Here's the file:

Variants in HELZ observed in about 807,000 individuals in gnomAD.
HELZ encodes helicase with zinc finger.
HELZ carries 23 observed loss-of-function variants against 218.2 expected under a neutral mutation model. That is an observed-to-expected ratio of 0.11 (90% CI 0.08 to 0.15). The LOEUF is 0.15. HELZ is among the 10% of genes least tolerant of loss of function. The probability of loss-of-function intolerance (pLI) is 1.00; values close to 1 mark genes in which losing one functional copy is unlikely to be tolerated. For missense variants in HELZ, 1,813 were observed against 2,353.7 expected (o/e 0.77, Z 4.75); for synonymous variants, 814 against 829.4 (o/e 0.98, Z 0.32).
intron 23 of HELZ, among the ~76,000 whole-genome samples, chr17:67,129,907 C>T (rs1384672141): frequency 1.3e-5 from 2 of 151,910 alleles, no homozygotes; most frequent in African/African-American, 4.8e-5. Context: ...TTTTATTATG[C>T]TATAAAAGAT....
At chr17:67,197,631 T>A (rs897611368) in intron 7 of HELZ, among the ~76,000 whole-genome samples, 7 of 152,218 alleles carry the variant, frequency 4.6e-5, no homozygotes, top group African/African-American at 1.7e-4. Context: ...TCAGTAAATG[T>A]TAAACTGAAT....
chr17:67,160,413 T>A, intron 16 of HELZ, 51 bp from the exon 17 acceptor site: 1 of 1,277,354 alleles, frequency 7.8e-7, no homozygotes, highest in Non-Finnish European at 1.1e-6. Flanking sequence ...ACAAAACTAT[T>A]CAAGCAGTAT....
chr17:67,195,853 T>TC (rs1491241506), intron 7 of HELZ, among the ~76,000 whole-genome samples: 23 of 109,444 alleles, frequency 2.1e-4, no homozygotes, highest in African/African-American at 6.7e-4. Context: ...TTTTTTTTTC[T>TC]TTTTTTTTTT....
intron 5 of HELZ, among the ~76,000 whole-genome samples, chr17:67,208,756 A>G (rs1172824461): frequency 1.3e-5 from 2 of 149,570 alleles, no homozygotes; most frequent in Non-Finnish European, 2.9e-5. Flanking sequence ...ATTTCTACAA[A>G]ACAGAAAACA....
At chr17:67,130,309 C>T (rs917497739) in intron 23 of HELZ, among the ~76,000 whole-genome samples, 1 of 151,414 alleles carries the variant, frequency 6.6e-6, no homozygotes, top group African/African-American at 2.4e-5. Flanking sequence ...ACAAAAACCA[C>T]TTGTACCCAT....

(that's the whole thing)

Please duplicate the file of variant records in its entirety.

Variants in HELZ observed in about 807,000 individuals in gnomAD.
HELZ encodes helicase with zinc finger.
HELZ carries 23 observed loss-of-function variants against 218.2 expected under a neutral mutation model. That is an observed-to-expected ratio of 0.11 (90% CI 0.08 to 0.15). The LOEUF is 0.15. HELZ is among the 10% of genes least tolerant of loss of function. The probability of loss-of-function intolerance (pLI) is 1.00; values close to 1 mark genes in which losing one functional copy is unlikely to be tolerated. For missense variants in HELZ, 1,813 were observed against 2,353.7 expected (o/e 0.77, Z 4.75); for synonymous variants, 814 against 829.4 (o/e 0.98, Z 0.32).
intron 23 of HELZ, among the ~76,000 whole-genome samples, chr17:67,129,907 C>T (rs1384672141): frequency 1.3e-5 from 2 of 151,910 alleles, no homozygotes; most frequent in African/African-American, 4.8e-5. Context: ...TTTTATTATG[C>T]TATAAAAGAT....
At chr17:67,197,631 T>A (rs897611368) in intron 7 of HELZ, among the ~76,000 whole-genome samples, 7 of 152,218 alleles carry the variant, frequency 4.6e-5, no homozygotes, top group African/African-American at 1.7e-4. Context: ...TCAGTAAATG[T>A]TAAACTGAAT....
chr17:67,160,413 T>A, intron 16 of HELZ, 51 bp from the exon 17 acceptor site: 1 of 1,277,354 alleles, frequency 7.8e-7, no homozygotes, highest in Non-Finnish European at 1.1e-6. Flanking sequence ...ACAAAACTAT[T>A]CAAGCAGTAT....
chr17:67,195,853 T>TC (rs1491241506), intron 7 of HELZ, among the ~76,000 whole-genome samples: 23 of 109,444 alleles, frequency 2.1e-4, no homozygotes, highest in African/African-American at 6.7e-4. Context: ...TTTTTTTTTC[T>TC]TTTTTTTTTT....
intron 5 of HELZ, among the ~76,000 whole-genome samples, chr17:67,208,756 A>G (rs1172824461): frequency 1.3e-5 from 2 of 149,570 alleles, no homozygotes; most frequent in Non-Finnish European, 2.9e-5. Flanking sequence ...ATTTCTACAA[A>G]ACAGAAAACA....
At chr17:67,130,309 C>T (rs917497739) in intron 23 of HELZ, among the ~76,000 whole-genome samples, 1 of 151,414 alleles carries the variant, frequency 6.6e-6, no homozygotes, top group African/African-American at 2.4e-5. Flanking sequence ...ACAAAAACCA[C>T]TTGTACCCAT....